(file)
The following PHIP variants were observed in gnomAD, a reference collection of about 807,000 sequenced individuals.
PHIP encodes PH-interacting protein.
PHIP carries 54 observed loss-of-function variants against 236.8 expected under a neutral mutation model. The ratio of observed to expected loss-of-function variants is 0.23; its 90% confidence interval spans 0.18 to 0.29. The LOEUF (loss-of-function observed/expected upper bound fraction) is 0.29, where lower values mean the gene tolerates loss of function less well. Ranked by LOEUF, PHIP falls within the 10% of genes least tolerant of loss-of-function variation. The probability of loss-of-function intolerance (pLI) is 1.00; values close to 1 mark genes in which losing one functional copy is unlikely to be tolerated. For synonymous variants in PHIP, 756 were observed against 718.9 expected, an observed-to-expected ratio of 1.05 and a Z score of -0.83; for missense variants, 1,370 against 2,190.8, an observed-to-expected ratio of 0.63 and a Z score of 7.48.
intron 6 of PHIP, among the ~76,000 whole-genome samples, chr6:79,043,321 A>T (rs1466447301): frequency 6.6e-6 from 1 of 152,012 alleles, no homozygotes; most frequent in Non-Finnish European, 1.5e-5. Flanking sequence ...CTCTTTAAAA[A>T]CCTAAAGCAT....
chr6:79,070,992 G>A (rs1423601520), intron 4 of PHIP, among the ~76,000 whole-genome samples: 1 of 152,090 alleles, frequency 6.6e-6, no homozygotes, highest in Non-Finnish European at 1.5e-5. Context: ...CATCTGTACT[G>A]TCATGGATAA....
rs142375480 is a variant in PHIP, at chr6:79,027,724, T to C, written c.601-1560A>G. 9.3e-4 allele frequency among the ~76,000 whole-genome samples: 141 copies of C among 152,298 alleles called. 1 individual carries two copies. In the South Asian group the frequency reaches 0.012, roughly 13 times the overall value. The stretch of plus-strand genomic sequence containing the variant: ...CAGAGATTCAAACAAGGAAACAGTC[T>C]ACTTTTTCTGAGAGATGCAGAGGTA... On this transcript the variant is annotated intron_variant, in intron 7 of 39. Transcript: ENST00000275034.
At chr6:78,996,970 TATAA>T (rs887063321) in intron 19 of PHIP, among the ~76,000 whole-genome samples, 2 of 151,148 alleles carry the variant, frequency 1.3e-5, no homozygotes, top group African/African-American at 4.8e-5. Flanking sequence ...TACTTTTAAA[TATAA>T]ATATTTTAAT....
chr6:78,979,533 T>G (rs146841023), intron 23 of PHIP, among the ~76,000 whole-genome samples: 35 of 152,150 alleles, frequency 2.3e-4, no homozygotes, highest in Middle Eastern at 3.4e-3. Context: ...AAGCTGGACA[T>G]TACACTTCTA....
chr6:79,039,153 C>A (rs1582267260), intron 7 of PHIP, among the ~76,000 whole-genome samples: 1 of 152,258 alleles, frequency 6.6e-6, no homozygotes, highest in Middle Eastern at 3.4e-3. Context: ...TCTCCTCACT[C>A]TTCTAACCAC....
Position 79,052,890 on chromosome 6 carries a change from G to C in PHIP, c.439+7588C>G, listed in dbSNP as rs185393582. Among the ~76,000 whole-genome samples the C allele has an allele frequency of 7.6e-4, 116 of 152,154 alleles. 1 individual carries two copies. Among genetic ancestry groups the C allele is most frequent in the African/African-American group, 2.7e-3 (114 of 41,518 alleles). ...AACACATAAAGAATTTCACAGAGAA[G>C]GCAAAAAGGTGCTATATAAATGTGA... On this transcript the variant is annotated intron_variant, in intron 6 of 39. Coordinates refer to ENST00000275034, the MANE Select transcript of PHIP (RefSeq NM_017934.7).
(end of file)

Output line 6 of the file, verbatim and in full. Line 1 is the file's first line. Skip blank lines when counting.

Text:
rs142375480 is a variant in PHIP, at chr6:79,027,724, T to C, written c.601-1560A>G. 9.3e-4 allele frequency among the ~76,000 whole-genome samples: 141 copies of C among 152,298 alleles called. 1 individual carries two copies. In the South Asian group the frequency reaches 0.012, roughly 13 times the overall value. The stretch of plus-strand genomic sequence containing the variant: ...CAGAGATTCAAACAAGGAAACAGTC[T>C]ACTTTTTCTGAGAGATGCAGAGGTA... On this transcript the variant is annotated intron_variant, in intron 7 of 39. Transcript: ENST00000275034.